NY General

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Thomas Middleditch: Littlebitch Reviewed in Time Out New York

Mar 11, 2015

A HAZY SHADE OF WIENERS
Middleditch, proving someone does buy those American Apparel shorts.

Like Barack Obama, comedian Thomas Middleditch cut his professional teeth in Chicago, where he performed at Second City and iO. Unlike Obama, Middleditch is not running for President, perhaps owing to his being Canadian. It's unfortunate; his penchant for caricature would make the debates a helluva lot more entertaining.

At least we can see him on a smaller stage, rolling out an absurd cast of colorful characters. The lanky comic gains momentum with each skit, showcasing expertly mimicked personages. In one of the longer pieces, the versatile comedian plays all seven characters in a murder mystery; it is both brilliant and exhausting to watch. One, "Francois" is distinguished only by his Maurice Chevalier accent and De Gaulle-style finger-mustache. Predictably, Middleditch the French swine insults Middleditch the wide-eyed American; a one-man melee ensues. And when, at last, the true murderer is revealed, you'll kick yourself for not sussing out the culprit.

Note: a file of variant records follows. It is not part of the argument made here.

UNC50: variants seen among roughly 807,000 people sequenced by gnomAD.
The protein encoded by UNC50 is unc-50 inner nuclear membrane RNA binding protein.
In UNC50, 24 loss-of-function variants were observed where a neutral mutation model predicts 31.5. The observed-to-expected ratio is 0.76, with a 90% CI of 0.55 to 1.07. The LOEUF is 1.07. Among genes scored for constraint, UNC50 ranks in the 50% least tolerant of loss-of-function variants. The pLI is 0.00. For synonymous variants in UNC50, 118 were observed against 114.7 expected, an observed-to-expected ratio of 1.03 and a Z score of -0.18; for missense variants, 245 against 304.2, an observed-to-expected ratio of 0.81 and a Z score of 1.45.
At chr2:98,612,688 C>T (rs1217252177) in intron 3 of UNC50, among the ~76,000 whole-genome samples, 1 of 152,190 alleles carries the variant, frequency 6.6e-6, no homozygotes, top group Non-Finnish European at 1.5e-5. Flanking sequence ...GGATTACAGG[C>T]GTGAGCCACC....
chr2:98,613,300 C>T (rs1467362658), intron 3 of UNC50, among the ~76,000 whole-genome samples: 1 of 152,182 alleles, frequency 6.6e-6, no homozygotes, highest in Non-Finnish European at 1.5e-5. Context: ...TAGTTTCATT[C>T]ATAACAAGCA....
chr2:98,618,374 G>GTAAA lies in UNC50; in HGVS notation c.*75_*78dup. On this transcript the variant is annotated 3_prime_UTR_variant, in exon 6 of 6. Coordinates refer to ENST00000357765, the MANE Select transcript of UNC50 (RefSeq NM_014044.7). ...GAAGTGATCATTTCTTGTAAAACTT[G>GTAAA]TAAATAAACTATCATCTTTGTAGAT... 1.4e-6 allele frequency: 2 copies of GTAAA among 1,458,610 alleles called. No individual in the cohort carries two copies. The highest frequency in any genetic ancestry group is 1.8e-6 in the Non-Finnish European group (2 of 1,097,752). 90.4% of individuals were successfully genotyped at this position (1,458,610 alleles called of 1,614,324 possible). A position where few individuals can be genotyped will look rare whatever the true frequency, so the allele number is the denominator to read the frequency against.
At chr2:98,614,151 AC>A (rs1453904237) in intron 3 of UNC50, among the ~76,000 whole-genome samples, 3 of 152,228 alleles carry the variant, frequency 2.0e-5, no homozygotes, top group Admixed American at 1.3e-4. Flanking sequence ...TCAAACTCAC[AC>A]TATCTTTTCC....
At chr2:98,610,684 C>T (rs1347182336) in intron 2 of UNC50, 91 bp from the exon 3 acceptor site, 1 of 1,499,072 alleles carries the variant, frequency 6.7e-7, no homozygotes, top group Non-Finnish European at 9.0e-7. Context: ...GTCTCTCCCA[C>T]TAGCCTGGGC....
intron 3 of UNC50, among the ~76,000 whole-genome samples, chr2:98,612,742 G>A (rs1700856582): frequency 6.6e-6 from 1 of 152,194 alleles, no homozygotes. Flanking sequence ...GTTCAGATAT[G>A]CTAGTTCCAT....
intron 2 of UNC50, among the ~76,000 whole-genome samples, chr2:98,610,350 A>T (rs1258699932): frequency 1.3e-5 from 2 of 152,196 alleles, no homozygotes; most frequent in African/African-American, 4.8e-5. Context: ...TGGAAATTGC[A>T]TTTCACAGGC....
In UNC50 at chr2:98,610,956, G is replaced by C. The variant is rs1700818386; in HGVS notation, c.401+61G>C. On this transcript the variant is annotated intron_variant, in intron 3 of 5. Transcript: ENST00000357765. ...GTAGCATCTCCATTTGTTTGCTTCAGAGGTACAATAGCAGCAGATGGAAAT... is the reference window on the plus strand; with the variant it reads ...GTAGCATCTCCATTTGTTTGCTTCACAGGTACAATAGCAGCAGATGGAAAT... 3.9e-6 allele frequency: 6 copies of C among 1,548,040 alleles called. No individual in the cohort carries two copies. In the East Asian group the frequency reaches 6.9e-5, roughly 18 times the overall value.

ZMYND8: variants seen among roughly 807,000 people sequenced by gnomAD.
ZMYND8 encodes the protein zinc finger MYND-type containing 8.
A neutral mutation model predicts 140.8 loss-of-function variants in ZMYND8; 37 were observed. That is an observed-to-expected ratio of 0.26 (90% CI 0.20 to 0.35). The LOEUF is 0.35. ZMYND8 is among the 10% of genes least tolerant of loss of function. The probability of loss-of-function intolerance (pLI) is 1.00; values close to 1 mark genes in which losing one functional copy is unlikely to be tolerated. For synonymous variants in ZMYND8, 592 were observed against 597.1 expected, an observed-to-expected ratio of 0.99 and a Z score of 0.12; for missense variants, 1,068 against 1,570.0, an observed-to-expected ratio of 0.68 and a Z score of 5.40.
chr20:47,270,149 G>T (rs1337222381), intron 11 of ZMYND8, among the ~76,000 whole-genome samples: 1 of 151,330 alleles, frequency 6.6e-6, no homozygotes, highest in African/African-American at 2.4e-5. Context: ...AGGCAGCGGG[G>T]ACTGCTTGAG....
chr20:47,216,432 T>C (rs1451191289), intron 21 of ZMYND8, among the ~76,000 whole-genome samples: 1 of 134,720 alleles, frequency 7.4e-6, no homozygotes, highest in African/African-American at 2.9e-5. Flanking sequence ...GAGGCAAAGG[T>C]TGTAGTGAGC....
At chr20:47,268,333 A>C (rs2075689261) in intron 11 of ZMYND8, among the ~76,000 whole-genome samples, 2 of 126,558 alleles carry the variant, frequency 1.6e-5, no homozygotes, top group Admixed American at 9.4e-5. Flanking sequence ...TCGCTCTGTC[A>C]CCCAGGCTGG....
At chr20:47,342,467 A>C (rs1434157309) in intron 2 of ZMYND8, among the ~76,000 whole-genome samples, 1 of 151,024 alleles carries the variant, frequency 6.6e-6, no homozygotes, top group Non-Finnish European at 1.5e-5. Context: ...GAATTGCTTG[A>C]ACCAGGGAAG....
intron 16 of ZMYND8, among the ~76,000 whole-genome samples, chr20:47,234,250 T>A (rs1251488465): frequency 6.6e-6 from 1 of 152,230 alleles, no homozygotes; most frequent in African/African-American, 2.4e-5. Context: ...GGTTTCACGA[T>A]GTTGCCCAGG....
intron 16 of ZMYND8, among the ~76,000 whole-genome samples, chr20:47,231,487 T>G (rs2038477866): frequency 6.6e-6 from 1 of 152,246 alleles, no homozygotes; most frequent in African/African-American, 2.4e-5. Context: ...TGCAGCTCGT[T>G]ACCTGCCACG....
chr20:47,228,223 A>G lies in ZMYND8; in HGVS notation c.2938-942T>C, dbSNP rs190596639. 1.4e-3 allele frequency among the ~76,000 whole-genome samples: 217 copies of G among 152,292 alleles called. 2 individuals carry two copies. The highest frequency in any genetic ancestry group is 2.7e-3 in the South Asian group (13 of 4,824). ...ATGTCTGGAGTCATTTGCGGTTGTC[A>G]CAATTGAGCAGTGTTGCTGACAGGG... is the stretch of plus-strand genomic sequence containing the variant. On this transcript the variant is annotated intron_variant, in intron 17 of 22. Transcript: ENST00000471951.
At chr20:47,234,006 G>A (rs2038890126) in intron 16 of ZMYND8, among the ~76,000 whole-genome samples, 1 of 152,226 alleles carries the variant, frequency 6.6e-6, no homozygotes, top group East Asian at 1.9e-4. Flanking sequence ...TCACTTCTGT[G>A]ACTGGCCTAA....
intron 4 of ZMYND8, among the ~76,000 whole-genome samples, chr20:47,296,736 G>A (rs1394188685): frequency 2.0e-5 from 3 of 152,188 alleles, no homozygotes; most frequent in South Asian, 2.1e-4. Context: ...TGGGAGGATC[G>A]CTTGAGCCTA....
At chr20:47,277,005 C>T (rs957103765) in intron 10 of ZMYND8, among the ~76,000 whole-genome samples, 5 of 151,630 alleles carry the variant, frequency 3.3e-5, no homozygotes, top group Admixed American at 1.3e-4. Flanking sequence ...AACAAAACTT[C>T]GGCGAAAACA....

Afterward, he upgrades his finger-mustache for a more substantial one, emerging as Daniel Plainview, the main character of There Will Be Blood. As Plainview reenacts a scene from Pulp Fiction (he is Jules, obviously) with a member of the audience, the laughs roll (almost despite yourself). He deadpans, in his oil prospector's drawl, "English, motherfucker; do you speak it?" Simple, but effective.

Less exciting is the character with which Middleditch opens and closes: a ten-year-old boy doing stand-up. Unfortunately, just because the kid is meant to be annoying doesn't really make him any less so. It's kind of surprising to see such a dud among the other gems, but it's useful to remember that, in comedy as in politics, weak areas can be glossed over with a healthy dollop of charisma.
NY Shows

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UCB Part of Time Out New York's New York 40

Mar 11, 2015

The New York 40

Improv comedy cartel


The Upright Citizens Brigade